In today’s fast-moving society, the greatest leaders are those who discard bureaucratic business models in favor of a networked “team of teams,” empowered to make decisions quickly by breaking down communication silos between departments and positions.
This is retired United States Army General Stanley McChrystal’s philosophy, who dedicated more than thirty-four years of service to the U.S. military. His final, and perhaps most notable assignment, was as the commander of all American and coalition forces in Afghanistan from 2003 until he retired in 2010.
Throughout his tenure, General McChrystal worked to develop scalable management practices that enabled the U.S. Army to embody this “team of teams,” which possessed the necessary agility and flexibility to fight in a modern, technologically advanced war environment and beat back Al Qaeda.
Five years into civilian life, General McChrystal applies the leadership skills he learned during his time in the Army to the business world as co-founder of the McChrystal Group, a leadership and management consultancy firm.
We recently had the great honor of speaking to General McChrystal before he came to our headquarters in New York for a keynote discussion on leadership and team building.
This special event was moderated by Scott Kirkpatrick, the President and COO of General Assembly, who spent time as an officer in the United States Coast Guard.
You discarded conventional wisdom and remade the Joint Special Operations Task Force when you took command in 2003. What were the key elements of this new structure? Why do you think it was so successful?
The military has a tradition of bureaucracy and hierarchy—that works in an environment when the threat is a known enemy that you can plan against. When I took command of the Joint Operations Task Force, we weren’t facing off against the German army or even a traditional terrorist organization. Terrorist organizations used to take hostages and make demands; they had a clear leadership structure. But with the advent of Al Qaeda and developments in technology, everything changed. The group was an amorphous, constantly shifting network.
Suddenly an organization where information has to make its way up the chain of command and decisions have to trickle down was too slow—command-and-control hierarchy just wasn’t working for us.
To defeat an enemy like Al Qaeda in Iraq (AQI), we had to beat them at their own game—the phrase it takes a network to defeat a network became our mantra. We created radical transparency through widespread information sharing and pushed decision-making down to the lowest levels. Silos between operators and intelligence analysts were knocked down in an attempt to create a team that could harness the minds of every individual. Ultimately, we were successful because we put a tremendous effort into rebuilding our organization into a networked team of teams that could adapt to the dynamics of the battlefield.
Can you tell me more about your “Team of Teams” methodology? How does it translate beyond the battlefield to massive corporations and burgeoning startups alike?
The idea behind a team of teams is to capture magic of small teams at scale, creating an enterprise-wide network that has the power of a large organization but the agility of a smaller team.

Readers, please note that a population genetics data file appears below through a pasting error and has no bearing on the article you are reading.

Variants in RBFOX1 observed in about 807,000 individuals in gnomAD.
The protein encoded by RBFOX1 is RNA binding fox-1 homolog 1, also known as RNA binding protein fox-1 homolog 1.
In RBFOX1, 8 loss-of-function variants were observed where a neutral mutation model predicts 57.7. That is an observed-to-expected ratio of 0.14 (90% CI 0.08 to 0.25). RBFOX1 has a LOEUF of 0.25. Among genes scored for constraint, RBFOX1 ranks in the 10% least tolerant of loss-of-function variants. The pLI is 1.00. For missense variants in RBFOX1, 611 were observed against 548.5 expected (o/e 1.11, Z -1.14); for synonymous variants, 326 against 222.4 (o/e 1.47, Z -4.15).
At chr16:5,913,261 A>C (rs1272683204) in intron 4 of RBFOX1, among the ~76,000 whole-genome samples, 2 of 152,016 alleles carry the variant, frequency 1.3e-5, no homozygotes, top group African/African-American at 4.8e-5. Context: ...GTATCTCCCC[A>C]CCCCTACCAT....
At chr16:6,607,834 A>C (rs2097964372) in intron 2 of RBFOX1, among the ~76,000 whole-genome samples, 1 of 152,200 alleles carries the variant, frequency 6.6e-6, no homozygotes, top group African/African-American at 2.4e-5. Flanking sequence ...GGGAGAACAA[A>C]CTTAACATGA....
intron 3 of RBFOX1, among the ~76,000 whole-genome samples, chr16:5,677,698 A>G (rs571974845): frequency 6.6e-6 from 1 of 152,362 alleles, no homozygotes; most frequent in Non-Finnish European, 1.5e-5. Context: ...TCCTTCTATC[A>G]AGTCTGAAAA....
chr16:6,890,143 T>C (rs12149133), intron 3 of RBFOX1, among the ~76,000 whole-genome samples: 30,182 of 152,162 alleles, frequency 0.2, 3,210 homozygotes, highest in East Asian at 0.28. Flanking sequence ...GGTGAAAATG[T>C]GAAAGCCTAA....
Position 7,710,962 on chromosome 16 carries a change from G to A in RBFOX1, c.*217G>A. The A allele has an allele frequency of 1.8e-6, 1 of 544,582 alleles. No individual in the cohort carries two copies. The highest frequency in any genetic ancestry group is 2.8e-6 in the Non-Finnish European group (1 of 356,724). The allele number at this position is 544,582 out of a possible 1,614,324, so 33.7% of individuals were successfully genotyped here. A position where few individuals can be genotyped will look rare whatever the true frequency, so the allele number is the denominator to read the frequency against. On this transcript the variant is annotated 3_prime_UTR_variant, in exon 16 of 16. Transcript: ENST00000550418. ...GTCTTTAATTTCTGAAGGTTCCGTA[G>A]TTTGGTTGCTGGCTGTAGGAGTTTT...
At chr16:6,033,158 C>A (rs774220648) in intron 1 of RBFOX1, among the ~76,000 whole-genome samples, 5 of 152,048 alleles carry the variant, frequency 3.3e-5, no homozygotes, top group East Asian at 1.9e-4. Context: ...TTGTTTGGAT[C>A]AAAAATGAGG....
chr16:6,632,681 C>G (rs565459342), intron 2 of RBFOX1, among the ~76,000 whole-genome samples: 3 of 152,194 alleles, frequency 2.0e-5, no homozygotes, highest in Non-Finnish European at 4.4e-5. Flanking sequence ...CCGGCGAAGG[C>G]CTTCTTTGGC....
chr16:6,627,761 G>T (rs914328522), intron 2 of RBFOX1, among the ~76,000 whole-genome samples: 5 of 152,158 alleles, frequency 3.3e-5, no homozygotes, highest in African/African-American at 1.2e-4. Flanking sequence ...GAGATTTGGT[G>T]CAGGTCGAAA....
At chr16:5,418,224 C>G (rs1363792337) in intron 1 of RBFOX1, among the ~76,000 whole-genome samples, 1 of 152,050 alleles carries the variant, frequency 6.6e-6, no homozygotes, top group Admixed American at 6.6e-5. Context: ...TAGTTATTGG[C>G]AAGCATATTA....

Small teams are powerful—trust, a single shared purpose, and experience working together gives its members intuitive understanding and reflexive adaptability. Most companies have adaptive small teams operating within a larger hierarchy. Individual teams might be incredibly adaptable at their level, but the silos between the teams and that the organization at large cannot scale those traits.
In Iraq in 2004, we had world-class, high-performing teams that could adapt to any situation. But stacking our small teams together didn’t add up to one big, excellent team—it made our organization siloed and unwieldy. Our goal wasn’t to create one massive team, it was to create a team of teams.
This concept translates beyond the battlefield and is applicable to both established corporations and startups alike. For large companies, the work has to focus on breaking down silos between geographically dispersed teams and connecting efforts to achieve overall success on company-wide strategies. There are lessons for the burgeoning startup as well. Every startup begins as excellent small team— the trick is building in the right processes and communication discipline to ensure that you maintain that as you grow, becoming a larger team of teams instead of a slow-moving corporate bureaucracy.
What inspired you to create the McChrystal Group and what is your primary mission as an organization?
When my colleagues and I retired from the military, we put a lot of thought into our experiences fighting networked terrorism, the major lessons we learned, and the parallels we were seeing in the changing business environment.
Technology has dramatically altered both corporate America and the battlefield. Threats and challenges come in from all over, moving at the speed of information and disrupting traditional organizational models. The world we now live in is one in which command-and-control hierarchy is simply unable to keep up. A networked team of teams predicated on constantly sharing information and empowering those below to act is the only way to succeed.
We founded our consulting firm, McChrystal Group, in 2011 in order to bring these lessons we learned to the business sector. Our firm’s mission is to improve the performance of organizations in the dynamic and complex environment of the 21st century.